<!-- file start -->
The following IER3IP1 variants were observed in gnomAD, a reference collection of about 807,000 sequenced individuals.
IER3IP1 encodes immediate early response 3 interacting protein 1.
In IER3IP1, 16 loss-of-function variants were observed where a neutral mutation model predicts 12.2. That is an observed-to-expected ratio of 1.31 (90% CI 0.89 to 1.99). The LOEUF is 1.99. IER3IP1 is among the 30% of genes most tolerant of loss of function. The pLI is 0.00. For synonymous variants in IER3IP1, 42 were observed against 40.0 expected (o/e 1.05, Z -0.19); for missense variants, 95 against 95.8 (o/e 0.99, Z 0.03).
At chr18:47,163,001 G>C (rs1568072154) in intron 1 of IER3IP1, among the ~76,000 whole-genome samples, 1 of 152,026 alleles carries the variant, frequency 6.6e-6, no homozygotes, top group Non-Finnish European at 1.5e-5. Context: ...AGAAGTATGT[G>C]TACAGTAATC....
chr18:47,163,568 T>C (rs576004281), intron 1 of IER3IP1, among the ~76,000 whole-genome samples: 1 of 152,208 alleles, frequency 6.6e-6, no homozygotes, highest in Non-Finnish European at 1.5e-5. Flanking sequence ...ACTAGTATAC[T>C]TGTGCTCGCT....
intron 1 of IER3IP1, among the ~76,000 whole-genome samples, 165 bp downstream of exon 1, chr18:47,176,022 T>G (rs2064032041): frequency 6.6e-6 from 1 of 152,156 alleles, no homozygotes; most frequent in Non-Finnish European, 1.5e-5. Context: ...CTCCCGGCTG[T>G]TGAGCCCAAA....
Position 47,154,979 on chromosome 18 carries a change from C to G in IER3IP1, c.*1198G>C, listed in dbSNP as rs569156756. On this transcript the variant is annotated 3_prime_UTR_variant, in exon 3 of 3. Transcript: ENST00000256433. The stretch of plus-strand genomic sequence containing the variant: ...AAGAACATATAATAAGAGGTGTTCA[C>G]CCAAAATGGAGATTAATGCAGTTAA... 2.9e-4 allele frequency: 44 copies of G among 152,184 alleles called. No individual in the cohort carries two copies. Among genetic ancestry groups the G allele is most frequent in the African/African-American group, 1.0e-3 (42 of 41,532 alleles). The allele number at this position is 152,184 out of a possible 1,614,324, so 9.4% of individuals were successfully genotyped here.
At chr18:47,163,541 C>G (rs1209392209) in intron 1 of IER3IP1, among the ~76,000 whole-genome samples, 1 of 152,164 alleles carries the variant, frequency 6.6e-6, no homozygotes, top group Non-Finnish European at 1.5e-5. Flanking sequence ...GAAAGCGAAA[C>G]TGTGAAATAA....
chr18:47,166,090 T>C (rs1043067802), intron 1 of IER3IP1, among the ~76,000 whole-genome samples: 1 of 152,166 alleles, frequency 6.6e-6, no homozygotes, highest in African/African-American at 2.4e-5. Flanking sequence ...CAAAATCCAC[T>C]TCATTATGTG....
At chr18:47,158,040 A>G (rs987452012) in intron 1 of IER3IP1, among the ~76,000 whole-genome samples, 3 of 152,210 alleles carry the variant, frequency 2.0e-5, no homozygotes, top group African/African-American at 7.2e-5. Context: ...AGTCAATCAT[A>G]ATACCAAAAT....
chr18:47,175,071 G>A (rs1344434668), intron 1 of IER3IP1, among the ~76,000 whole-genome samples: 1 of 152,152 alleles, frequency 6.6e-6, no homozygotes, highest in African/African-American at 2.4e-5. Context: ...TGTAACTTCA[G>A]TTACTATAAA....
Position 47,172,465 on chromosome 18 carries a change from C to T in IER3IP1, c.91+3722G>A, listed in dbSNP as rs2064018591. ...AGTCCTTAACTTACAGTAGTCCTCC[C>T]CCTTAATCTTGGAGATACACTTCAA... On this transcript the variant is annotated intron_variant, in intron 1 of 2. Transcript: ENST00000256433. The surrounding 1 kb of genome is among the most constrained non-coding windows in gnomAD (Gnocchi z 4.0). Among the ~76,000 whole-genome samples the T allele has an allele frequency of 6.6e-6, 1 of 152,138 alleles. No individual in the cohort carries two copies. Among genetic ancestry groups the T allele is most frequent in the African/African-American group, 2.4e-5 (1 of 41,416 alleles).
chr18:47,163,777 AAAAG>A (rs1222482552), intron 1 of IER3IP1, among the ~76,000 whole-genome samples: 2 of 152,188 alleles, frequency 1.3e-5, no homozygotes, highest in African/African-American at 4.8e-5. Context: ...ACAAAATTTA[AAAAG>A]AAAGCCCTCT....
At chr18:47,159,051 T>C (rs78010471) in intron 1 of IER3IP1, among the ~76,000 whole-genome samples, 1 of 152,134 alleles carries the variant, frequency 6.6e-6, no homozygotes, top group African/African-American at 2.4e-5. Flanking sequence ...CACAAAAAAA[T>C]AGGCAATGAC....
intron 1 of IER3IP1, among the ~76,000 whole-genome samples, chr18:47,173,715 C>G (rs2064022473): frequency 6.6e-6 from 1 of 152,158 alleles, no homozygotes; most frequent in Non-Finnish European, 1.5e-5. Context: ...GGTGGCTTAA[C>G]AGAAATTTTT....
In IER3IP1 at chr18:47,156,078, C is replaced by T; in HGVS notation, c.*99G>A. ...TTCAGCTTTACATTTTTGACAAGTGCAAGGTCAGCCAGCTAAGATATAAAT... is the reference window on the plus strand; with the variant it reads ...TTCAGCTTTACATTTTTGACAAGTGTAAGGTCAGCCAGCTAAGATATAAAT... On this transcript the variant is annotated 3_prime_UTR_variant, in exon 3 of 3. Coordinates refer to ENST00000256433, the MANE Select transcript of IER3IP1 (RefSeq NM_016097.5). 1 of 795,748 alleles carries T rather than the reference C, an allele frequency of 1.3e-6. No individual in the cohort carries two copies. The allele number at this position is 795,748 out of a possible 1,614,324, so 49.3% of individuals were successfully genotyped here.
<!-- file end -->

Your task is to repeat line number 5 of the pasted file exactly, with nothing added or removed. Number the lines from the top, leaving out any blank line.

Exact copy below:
chr18:47,163,568 T>C (rs576004281), intron 1 of IER3IP1, among the ~76,000 whole-genome samples: 1 of 152,208 alleles, frequency 6.6e-6, no homozygotes, highest in Non-Finnish European at 1.5e-5. Flanking sequence ...ACTAGTATAC[T>C]TGTGCTCGCT....